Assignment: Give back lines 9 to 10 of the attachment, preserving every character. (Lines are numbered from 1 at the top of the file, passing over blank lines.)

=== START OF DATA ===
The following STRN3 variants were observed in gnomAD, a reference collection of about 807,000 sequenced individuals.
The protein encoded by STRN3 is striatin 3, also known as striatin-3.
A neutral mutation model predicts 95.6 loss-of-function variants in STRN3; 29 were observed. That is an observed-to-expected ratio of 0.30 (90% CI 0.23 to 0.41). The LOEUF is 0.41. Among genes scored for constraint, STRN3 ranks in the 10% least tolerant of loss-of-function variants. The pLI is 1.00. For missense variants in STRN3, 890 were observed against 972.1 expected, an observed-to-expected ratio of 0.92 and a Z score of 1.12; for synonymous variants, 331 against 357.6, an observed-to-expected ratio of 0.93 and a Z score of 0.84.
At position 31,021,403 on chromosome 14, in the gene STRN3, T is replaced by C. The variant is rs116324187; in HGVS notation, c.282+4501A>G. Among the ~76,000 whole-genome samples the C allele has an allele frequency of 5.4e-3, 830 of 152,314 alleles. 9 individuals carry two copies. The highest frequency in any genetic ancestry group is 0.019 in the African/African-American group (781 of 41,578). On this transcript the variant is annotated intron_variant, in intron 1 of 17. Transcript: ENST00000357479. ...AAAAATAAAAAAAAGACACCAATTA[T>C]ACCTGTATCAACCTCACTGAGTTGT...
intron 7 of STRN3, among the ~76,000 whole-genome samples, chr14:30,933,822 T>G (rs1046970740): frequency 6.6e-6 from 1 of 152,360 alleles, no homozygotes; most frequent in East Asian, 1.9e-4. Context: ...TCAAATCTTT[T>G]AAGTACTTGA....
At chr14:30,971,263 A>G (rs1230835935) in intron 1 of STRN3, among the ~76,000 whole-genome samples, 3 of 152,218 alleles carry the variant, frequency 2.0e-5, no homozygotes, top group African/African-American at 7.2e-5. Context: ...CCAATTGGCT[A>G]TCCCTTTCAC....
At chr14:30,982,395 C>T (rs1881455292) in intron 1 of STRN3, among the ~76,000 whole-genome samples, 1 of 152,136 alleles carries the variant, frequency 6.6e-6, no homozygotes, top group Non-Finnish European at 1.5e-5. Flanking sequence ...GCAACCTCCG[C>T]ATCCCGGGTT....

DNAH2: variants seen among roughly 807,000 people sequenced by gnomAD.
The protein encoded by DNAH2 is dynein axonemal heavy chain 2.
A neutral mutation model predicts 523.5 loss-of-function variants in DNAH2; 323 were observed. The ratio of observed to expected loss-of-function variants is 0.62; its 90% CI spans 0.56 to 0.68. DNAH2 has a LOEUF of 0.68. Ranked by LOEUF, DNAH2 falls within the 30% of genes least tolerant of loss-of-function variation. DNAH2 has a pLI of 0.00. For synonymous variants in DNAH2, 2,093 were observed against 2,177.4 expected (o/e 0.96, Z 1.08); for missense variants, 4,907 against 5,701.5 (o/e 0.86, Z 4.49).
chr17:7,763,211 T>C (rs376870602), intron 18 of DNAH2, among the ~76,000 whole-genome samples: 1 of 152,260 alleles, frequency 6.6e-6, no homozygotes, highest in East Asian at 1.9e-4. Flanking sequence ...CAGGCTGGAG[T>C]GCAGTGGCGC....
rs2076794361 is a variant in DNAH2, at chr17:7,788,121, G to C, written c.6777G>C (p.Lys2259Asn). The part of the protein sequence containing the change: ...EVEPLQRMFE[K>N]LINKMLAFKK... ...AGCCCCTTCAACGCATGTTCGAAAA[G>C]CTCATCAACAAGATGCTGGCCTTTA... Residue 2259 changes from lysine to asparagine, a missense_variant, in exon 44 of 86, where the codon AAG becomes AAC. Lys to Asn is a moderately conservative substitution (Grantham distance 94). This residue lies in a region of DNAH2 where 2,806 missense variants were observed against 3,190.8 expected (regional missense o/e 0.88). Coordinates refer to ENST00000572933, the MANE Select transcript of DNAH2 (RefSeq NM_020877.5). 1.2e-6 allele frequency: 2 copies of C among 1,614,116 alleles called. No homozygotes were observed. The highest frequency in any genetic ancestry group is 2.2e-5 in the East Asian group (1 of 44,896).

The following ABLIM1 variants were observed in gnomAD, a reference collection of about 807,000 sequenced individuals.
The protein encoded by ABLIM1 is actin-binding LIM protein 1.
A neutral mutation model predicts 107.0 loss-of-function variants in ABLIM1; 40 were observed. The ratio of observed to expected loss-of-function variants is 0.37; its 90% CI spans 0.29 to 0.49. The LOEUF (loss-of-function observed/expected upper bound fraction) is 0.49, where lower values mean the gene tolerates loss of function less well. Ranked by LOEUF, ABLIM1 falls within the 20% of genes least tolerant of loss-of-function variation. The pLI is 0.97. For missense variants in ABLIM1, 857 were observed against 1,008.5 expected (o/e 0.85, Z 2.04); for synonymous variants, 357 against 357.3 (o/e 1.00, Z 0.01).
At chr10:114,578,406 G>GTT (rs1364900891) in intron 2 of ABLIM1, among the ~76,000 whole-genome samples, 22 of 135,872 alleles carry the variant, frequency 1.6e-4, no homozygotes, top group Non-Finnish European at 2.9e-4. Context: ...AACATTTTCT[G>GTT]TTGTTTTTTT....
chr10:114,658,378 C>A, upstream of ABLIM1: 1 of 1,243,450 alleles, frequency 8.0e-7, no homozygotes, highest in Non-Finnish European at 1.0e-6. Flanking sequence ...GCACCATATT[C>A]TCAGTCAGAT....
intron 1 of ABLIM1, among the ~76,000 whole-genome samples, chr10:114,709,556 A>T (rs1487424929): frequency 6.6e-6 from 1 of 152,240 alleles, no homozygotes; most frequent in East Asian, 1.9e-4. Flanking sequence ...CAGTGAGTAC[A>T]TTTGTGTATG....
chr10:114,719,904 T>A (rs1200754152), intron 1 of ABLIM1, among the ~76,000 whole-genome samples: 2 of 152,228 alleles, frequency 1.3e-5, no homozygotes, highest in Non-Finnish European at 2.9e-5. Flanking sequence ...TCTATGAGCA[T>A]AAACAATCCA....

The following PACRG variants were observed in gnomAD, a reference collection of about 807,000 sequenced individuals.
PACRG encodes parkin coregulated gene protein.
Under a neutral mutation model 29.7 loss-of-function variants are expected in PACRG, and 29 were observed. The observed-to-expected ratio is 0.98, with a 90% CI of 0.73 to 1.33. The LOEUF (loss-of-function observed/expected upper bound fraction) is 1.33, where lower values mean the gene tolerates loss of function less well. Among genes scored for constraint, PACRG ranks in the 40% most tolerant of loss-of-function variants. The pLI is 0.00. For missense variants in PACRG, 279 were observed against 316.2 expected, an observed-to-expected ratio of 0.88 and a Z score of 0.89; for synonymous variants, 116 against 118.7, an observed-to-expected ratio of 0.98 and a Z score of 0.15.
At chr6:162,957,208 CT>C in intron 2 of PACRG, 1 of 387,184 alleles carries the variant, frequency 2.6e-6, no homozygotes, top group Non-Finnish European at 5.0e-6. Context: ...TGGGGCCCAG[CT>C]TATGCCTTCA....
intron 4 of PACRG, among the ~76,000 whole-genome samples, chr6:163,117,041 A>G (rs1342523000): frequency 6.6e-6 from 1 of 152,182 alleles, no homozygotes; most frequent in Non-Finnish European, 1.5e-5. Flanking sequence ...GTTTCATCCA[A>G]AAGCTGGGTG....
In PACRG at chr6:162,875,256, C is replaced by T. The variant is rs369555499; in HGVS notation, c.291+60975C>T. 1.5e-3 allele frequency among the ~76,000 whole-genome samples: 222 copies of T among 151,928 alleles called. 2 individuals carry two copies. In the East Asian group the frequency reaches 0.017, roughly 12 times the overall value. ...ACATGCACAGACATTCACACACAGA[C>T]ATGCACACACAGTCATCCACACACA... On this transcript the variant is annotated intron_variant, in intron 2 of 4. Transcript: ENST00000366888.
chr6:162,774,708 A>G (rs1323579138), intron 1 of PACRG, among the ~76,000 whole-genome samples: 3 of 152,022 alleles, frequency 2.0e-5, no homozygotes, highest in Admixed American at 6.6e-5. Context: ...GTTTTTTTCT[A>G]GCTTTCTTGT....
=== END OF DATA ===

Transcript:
The protein encoded by DNAH2 is dynein axonemal heavy chain 2.
A neutral mutation model predicts 523.5 loss-of-function variants in DNAH2; 323 were observed. The ratio of observed to expected loss-of-function variants is 0.62; its 90% CI spans 0.56 to 0.68. DNAH2 has a LOEUF of 0.68. Ranked by LOEUF, DNAH2 falls within the 30% of genes least tolerant of loss-of-function variation. DNAH2 has a pLI of 0.00. For synonymous variants in DNAH2, 2,093 were observed against 2,177.4 expected (o/e 0.96, Z 1.08); for missense variants, 4,907 against 5,701.5 (o/e 0.86, Z 4.49).